Monday, January 19, 2009

Dr. King's Dream is Rising

photo via Doug Mills, NYT

Come on up for the rising,
Come on up, lay your hands in mine;
Come on up for the rising,
Come on up for the rising tonight!

If you're like me, your eyes are still a bit swollen this morning after weeping with joy during the Obama Inaugural event at the Lincoln Memorial. I also watched the replay on HBO last night, exchanging emails with Lisa Simeone, who'd live-reported the event on NPR radio earlier and was now watching it at home, this time setting aside her no-tears-on-the-air professionalism and reveling in the pleasure of it, just like the rest of us. As one stunning performance followed another, I noted that this was so intense an emotion for me, I could barely find words to describe it. "My heart is exploding and bits of stardust are all over the floor," I wrote.

In one sense, I am deeply envious of my friend T, whose children go to school with mine and whose sister is a brilliant actor and very special liberal activist; accordingly, he and his lucky, lucky family are part of the exciting festivities going on in Washington right now; more saliently, they're in the middle of history as it unfolds. (Say hello to Michelle for me, T!)

In another sense, though, as I bask in our relatively tropical Florida warmth (eek, sorry, snowbound readers), I am not at all jealous of those oceans of excited, bundled-up people who were surely chilled to the bone, from the crowds who stood on the ground to the celebrities who sang onstage. I could tell that the performers, in particular, were really feeling the cold, even with layers of gorgeous scarves and coats swaddling them: if you looked at their lips, you could see that some of them were struggling mightily to keep their mouths flexible in that freezing air so they could form the words. (When I was in high school, my singing group traveled to Europe and performed outdoors in Germany; all I can say is, singing in the falling snow is beyond challenging, not to mention terrible for one's vocal cords.)

Poor Bruce Springsteen displayed, at times, the body language of someone who was looking forward to curling up in front of a warm fire after the concert. And speaking of fire, wasn't that a soul-stirring, body-invigorating rendition of The Rising? Springsteen originally wrote this to honor all the firefighters, many of whom died, for their indescribable bravery at the World Trade Center disaster on that dark and heartbreaking day. With an animated, red-robed gospel choir joining in, its 2009 incarnation was, quite literally, a moving and joyful call to service.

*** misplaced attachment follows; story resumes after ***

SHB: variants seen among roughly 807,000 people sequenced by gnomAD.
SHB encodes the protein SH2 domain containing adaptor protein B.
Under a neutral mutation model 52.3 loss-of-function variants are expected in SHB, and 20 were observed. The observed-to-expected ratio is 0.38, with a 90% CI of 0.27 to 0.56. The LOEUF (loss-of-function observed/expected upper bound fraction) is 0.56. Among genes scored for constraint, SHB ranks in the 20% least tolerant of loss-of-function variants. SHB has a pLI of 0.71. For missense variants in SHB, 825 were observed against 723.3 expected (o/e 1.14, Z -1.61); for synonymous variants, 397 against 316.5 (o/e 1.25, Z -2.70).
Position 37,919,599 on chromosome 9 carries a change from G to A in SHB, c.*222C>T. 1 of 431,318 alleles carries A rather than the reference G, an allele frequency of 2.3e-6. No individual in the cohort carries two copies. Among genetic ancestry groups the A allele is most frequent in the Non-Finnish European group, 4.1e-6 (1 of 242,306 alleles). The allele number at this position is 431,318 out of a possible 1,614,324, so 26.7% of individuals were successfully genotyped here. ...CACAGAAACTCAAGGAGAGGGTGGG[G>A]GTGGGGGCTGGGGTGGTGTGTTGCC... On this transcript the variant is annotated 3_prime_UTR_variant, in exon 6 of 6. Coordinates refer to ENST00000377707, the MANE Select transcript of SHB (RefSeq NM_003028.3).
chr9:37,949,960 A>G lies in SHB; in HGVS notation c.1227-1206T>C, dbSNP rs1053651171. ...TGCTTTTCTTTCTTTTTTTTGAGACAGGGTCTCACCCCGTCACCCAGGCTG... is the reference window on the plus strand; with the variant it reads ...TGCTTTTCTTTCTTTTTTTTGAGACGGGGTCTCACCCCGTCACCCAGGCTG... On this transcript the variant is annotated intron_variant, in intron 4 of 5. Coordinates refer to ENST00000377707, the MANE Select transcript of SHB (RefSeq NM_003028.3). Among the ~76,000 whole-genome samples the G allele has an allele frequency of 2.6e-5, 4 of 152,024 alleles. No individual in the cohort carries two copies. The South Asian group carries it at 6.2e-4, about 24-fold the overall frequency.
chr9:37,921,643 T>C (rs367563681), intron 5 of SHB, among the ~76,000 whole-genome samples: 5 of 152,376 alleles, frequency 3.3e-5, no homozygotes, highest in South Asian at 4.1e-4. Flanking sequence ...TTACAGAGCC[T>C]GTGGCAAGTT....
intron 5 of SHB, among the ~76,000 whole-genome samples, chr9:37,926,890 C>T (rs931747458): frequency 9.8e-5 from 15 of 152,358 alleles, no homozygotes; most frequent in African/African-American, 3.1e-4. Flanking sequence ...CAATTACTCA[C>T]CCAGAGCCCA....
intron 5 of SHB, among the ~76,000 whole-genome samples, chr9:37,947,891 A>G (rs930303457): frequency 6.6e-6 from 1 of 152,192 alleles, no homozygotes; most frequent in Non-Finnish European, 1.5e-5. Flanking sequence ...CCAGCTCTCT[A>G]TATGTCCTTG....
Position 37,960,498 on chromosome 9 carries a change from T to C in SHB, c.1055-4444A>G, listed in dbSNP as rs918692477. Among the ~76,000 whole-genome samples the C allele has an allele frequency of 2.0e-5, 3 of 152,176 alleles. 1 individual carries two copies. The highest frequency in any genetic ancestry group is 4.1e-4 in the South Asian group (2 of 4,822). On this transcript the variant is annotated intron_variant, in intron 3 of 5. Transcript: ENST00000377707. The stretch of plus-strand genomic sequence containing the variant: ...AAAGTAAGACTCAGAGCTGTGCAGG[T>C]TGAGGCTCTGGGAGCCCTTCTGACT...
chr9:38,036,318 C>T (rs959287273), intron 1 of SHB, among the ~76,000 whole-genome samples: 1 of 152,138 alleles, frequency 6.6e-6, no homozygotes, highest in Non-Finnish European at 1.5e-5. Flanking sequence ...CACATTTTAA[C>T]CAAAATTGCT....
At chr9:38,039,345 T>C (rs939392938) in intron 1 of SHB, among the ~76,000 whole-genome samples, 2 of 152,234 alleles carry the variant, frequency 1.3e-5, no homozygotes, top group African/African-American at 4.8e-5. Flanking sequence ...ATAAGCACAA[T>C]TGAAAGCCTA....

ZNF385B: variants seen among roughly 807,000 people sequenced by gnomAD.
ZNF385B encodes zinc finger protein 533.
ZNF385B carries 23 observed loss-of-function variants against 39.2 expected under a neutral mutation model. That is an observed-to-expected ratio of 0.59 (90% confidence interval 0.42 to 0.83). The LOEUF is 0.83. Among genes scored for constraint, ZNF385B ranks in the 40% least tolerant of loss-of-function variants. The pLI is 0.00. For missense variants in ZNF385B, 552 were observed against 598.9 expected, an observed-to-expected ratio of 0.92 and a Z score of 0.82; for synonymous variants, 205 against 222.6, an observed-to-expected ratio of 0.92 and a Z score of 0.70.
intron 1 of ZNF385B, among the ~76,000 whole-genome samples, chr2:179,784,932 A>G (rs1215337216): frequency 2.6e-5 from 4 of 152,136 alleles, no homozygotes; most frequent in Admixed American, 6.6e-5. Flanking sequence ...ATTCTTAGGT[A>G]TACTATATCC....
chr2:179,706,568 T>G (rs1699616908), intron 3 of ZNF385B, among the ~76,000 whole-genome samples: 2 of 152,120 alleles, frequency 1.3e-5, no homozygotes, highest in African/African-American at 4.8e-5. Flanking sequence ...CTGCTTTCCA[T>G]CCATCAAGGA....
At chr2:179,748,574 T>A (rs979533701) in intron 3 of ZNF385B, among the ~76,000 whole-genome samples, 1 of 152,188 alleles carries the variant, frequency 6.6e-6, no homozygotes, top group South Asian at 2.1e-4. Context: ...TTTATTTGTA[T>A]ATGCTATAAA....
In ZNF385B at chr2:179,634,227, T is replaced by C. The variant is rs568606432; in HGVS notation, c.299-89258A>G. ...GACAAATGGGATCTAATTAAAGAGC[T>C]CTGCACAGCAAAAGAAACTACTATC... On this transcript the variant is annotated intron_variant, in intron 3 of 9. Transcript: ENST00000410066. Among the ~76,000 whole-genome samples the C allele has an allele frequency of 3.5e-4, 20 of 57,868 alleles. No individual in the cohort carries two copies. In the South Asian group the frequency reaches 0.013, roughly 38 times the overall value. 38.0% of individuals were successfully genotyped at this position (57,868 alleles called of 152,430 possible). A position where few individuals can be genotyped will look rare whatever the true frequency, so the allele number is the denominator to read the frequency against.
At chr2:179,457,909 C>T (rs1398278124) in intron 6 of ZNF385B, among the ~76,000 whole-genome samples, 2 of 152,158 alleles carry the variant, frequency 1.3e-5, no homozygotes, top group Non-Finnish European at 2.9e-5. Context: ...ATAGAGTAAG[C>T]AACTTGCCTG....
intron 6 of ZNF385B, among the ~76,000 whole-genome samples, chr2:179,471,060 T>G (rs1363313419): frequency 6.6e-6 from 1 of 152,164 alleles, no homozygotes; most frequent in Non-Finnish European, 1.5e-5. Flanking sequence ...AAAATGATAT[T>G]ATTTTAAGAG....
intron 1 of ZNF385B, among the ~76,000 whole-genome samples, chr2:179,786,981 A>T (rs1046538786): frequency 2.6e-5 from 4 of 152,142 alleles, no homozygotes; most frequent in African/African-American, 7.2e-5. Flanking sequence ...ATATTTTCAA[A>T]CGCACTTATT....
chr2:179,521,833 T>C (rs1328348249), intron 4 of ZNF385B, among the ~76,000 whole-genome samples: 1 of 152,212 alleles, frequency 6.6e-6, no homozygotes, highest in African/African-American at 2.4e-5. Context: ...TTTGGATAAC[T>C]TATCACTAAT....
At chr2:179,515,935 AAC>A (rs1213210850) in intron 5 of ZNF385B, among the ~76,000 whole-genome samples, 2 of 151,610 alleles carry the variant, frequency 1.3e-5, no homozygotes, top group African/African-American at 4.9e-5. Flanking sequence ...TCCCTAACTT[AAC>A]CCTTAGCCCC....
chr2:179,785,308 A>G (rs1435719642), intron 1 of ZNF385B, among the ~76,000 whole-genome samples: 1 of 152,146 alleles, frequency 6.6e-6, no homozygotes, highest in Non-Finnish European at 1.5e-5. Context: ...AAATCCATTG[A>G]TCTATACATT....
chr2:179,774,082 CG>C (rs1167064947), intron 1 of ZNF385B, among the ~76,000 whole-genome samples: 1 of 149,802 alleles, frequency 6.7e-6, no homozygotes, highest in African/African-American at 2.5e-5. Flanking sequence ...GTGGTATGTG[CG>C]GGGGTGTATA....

And I was touched and amused by the innocent excitement of Malia Obama, who repeatedly pulled out her little digital camera and snapped photos of all those famous people singing and dancing--and remembering history--just a few feet away. Um, Malia, you're the First Firstborn, darling; those celebrities are all going to want photos of you.

Despite my physical distance from it, I felt tightly bound to the history, pride, and ever-renewed American spirit underpinning the stage at the Lincoln Memorial, and I was electrified and inspired by the unprecedented length and breadth and depth of the creative talent assembled thereupon.

So, what was your favorite part?

Sunday, January 18, 2009

Would That Things Were Only This Bad...

Reality is much worse than the future that SNL's writers imagined--save the Great Lakes problem--but Will Farrell's delicious, razor-sharp Dubya impersonation made me laugh out loud just the same. As Sully says, "It could stand for his farewell address as well."

School' ecstatic tapping sound you hear is me doing a little Irish jig around my desk--and I'm back in the saddle again, to juxtapose a little Alice Cooper and Aerosmith on a cold Sunday morning (hey, why not?) Accordingly, there will be posting a-plenty going forward. Because if the tall, calm, grownup Senator President (yeah!) with the beautiful speeches and magnificent mind can't inspire this writer, I might as well hang up the Powerbook and go for an ostrich ride.

Happy Inauguration Weekend, everyone!

(H/T oddjob)

Friday, January 09, 2009

A Fundamental Clash--Not of Religions or Civilizations, but of Eras

This is Syrian-born American psychiatrist Dr. Wafa Sultan, speaking on Al-Jazeera television (English subtitles by Memritv) with Ibrahim Al-Khouli and host Faisal al-Qassem. Dr. Sultan discusses the ongoing battle between the barbarism inherent in the medieval mentality of fundamentalism and the hope and progress--both in scientific and social terms--that modern, tolerant thinking has offered, and continues to offer, humankind.